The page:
The Zuni Pueblo -- Home of the internationally famous in-lay jewelry
The Zuni Pueblo, located 44 miles south of Gallup, is said to be the largest inhabited Pueblo in the United States. It was built upon the ruins of the ancient site of Halona, one of the fabled "Seven Golden Cities of Cibola" sought by the Spanish conquistador Francisco Coronado in 1540 A.D. Ruins of other "cities" may be found along the Zuni River watershed.
The Spanish heard tales of seven cities built and paved with gold far to the north. Arriving in the area, Coronado found, not a mineral richness, but a community rich in tradition and living a highly adjusted, organized existence. The Zunis were an agrarian people with irrigated farms of beans, corn, squash and cotton. Above all, strict religious beliefs, when combined with their daily routines, provided them a richness that mined gold could never replace.
The Spanish had little trouble in over-running and conquering the Zuni people. In spite of Spanish occupation and a decree from the King of Spain to force Zuni acceptance of the roman Catholic faith, the people continued to perform their ceremonies in their hidden divas or ceremonial rooms. These dances, many of which are still performed, denote a deep tribal religious significance. Visitors may witness many of these ceremonies, but are not permitted to sketch or photograph them.
The Cibola cities were destroyed when Apaches, Navajos and other nomadic tribes over-ran the area during the 15th and 16th centuries. Those Zunis who had escaped returned to the site of Halona, now called Zuni, to re-establish their homes. The new pueblo was built around the reconstructed mission building. This made the mission building the most prominent in the community.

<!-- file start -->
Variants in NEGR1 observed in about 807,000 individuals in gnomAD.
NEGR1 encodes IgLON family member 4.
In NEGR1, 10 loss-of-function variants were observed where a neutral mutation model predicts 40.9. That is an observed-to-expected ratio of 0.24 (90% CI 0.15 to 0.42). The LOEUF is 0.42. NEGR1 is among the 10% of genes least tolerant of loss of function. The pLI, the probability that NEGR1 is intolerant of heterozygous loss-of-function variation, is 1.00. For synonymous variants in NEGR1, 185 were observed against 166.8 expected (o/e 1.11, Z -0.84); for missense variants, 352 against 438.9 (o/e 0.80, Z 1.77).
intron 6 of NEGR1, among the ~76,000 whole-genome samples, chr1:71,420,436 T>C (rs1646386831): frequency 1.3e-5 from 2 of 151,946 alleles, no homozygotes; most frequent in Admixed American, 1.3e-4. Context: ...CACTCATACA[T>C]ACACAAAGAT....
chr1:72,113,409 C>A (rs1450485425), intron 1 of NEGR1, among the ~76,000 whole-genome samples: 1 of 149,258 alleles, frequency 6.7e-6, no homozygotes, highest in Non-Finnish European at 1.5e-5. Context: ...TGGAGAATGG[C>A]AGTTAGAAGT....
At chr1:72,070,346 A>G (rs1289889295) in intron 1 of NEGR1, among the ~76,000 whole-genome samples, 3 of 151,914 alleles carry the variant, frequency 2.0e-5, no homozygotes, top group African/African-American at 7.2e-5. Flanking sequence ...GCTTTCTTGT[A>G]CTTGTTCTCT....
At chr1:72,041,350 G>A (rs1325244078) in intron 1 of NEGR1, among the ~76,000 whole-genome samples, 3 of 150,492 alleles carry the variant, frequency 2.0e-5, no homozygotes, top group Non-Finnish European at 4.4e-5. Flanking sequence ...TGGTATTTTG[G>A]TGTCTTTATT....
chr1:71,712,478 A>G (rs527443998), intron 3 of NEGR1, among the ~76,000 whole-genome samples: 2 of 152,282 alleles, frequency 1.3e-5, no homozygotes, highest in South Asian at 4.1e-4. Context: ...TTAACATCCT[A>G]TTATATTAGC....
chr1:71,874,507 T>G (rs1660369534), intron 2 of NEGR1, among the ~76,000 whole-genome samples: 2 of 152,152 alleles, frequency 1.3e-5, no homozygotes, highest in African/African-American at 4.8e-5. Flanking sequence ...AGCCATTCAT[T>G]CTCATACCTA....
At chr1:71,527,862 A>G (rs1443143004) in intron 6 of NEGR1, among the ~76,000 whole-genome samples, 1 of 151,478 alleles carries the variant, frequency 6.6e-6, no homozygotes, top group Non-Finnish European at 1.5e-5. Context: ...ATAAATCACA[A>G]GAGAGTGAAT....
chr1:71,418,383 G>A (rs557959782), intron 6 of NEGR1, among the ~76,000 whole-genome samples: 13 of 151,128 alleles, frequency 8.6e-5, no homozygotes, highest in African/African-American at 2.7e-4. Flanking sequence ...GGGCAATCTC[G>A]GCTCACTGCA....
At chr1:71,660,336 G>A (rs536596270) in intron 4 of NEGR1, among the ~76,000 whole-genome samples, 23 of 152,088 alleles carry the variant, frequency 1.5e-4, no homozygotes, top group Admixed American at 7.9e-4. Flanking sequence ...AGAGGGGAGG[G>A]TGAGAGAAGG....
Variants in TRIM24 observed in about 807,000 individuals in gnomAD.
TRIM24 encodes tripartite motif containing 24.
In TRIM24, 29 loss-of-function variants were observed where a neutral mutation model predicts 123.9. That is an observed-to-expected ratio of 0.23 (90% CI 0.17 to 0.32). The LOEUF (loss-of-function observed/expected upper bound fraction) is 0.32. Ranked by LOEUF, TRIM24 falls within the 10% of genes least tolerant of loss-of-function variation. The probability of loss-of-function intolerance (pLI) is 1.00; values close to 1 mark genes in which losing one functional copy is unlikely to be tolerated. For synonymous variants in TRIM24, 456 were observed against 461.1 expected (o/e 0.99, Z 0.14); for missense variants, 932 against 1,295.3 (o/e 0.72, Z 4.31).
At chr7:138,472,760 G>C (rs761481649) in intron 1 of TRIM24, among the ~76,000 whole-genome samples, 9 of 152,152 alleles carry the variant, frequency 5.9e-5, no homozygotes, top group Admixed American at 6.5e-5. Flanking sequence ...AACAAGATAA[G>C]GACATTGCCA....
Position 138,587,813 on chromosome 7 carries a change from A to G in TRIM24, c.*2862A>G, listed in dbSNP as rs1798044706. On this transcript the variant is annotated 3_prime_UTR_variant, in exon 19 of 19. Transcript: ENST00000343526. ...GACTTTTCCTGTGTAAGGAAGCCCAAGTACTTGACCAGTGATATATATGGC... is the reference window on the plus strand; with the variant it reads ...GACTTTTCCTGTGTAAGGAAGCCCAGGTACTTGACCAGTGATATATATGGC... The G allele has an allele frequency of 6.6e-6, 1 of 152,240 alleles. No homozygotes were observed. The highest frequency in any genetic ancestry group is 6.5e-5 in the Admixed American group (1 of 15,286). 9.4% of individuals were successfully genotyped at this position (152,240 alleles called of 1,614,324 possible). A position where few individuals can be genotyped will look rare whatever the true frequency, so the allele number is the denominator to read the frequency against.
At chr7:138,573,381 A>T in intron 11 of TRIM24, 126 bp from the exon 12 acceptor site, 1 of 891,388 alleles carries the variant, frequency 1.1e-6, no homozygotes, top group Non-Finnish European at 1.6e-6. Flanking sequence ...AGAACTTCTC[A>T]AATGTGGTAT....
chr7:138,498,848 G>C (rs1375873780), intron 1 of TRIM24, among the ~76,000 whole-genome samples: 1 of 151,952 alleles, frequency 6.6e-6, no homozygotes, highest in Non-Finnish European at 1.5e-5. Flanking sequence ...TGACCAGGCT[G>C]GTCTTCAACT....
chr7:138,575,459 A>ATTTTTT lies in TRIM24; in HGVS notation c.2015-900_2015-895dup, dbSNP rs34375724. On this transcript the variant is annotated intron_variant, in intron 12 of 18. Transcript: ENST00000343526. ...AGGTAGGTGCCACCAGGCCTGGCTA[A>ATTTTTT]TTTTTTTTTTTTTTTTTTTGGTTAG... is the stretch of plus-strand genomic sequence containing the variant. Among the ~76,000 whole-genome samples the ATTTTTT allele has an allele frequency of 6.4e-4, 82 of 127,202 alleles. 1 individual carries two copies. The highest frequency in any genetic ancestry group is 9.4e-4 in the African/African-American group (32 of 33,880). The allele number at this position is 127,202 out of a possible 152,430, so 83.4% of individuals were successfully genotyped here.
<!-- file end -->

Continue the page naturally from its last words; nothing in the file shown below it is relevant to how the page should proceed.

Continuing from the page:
Visit the mission Nuestra Senora de Guadalupe, located off a winding dirt road just past the tribal building. On the high white walls of this Catholic church, above the framed Stations of the Cross, dance life size Zuni Kachinas -- the intangible spirits representing, corn, the hunt, and other Zuni beliefs. It is a unique melding of cultures. The mission is not always open. For more information go to the tribal building or pueblo of Zuni Arts and Crafts located next to the post office.
Zunis share many Pueblo traits with other Southwestern people; but their language is unique and cannot be linked to any other Native American language. Typically, Zuni work is done within families. A husband may do the silver work, a wife the inlay, and another family member may help with buffing. In general, particular designs will "belong" to particular families and these designs and their adaptations will be passed from older family members to younger. There is probably no village in North America which has a higher concentration of skilled craftsmen than the Pueblo of Zuni.
The town offers no logical street plan (from the point of view of a casual observer); there is one main paved street which presents assorted shops and eateries, then there are winding back lanes which lead to small plazas. The Zuni people have always been known for their religious and clan ties, and for their generosity to travelers. Zuni is one of the few pueblos where outsiders are permitted to view the religious Kachina dances. No photography is allowed of the dances and outsiders must remain on the Pueblo roof when attending the dances. Ask for directions.
For more information: Pueblo of Zuni; Zuni, NM 87327; (505) 782-4481. This information courtesy of the Gallup Convention & Visitors Bureau.
The mountain land for sale by owner is approximately 45 miles east of Zuni Pueblo to New Mexico residents.
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